PR: I’ve done a lot of interviews. MMR has been on the air for 45 years, so for a rock and roll station or any radio station to maintain the same thing is pretty unusual. In my line of work, for me to have such a long career at one station is also really unusual. This station is a exception to the rule – much like how La Colombe is the exception to the rule. Over my time here, I have had a lot of artists come and play live here in an acoustic session. We call them MM archives sessions. We will set up a studio and bring in a small audience. We have an extended conversation with people where they play songs or talk about their albums. It is a nice intimate living room kind of a setting. I started reading that on the big TV talk shows, like if you go on Jimmy Kimmel Live or David Letterman as an artist, you get a robe or a swag bag of some kind. We couldn’t afford that here, but I started thinking I could give the artists beer or coffee. We would give them La Colombe because every rock star traveling on a tour bus needs to wake up. I give it to them, but I don’t watch them drink it. I say, “Do you like coffee?” and I have never had one of them say no. I give each player a bag of coffee. Oftentimes, they come in a tour bus, and most of those buses are equipped with coffee makers and grinders. It’s a nice little gift for being on the road and a reminder of Philly. I tell each of them – this is the best coffee in Philly. I tell them that JP and Todd established this place, and it’s unique to Philly. Rather than giving them a plastic copy of the Liberty Bell, I give them really awesome coffee that they can actually use. I started to get this idea when I had Ozzy and Sharon Osbourne in. We had an hour-long conversation with an audience. Afterwards, I gave them the coffee, and Sharon said, “Thank you,” and off they went. It got a nice reaction from them, and I started doing it with every band that would come in for an extended period of time.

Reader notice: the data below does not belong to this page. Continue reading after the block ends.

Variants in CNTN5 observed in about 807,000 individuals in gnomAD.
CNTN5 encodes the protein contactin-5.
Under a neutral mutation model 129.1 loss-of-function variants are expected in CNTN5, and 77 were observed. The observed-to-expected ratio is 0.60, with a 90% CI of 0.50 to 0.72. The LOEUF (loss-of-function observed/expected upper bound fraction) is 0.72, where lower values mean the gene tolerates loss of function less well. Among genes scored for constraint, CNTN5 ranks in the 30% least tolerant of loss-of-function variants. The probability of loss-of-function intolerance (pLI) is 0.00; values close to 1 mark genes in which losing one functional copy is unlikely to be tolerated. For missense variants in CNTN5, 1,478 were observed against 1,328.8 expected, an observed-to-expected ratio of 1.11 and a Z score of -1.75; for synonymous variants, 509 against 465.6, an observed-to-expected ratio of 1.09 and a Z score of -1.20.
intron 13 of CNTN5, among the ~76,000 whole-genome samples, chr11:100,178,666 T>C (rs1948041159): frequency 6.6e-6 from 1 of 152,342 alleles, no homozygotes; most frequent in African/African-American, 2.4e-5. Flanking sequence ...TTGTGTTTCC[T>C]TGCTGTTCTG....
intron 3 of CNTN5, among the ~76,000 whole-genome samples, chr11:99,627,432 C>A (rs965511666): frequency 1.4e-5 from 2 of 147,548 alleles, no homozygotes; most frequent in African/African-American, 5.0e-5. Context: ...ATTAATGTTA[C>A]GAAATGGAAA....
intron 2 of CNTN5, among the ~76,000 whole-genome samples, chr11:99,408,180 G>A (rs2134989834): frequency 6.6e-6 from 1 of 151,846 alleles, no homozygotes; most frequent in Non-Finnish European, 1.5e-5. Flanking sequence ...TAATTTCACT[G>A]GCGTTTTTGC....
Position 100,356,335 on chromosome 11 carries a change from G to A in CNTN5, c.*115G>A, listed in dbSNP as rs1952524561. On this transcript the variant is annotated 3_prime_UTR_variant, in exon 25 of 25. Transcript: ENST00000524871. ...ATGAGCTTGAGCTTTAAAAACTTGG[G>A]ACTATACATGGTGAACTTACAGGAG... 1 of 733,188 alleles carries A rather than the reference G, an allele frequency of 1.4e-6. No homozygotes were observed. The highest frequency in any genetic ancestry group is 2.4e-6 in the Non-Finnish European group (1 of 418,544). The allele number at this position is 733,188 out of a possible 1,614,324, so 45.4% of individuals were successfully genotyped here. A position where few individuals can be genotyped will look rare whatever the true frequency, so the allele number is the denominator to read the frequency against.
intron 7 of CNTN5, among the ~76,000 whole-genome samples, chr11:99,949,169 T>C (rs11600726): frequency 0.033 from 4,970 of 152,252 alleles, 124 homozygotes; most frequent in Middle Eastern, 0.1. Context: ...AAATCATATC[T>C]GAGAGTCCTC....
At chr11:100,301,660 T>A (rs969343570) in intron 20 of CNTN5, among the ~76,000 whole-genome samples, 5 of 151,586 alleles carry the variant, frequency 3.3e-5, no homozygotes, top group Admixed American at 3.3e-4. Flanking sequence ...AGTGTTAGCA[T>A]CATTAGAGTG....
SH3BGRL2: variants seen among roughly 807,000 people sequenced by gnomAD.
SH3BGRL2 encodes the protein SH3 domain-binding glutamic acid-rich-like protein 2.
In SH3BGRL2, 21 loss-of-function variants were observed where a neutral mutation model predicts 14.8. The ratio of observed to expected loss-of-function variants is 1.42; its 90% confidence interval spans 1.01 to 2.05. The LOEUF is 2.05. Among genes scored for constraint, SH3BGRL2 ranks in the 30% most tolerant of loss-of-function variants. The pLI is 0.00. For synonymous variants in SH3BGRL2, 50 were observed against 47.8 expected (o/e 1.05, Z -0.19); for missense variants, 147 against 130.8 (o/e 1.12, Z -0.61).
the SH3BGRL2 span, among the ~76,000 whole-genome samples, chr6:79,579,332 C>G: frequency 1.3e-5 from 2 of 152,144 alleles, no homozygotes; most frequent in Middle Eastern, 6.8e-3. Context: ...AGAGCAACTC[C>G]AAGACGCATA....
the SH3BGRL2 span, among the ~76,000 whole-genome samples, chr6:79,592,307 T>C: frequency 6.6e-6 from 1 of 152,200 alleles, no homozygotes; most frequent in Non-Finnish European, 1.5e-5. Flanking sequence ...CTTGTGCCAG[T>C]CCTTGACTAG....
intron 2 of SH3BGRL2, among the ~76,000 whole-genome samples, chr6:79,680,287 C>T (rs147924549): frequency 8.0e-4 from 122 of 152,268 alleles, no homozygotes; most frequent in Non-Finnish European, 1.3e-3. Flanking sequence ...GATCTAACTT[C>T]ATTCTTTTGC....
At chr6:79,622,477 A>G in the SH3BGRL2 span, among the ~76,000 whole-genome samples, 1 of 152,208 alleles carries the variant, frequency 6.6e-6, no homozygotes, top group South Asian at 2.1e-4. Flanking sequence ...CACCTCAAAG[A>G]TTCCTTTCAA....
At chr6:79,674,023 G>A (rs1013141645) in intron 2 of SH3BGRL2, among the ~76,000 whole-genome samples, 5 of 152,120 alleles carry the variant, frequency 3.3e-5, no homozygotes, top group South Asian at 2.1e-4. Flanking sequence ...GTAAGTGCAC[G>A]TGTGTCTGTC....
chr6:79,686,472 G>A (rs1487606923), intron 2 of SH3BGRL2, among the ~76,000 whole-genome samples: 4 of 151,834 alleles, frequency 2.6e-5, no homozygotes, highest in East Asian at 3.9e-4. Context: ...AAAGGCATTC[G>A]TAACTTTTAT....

T: That’s cool. What kind of coffee do you drink?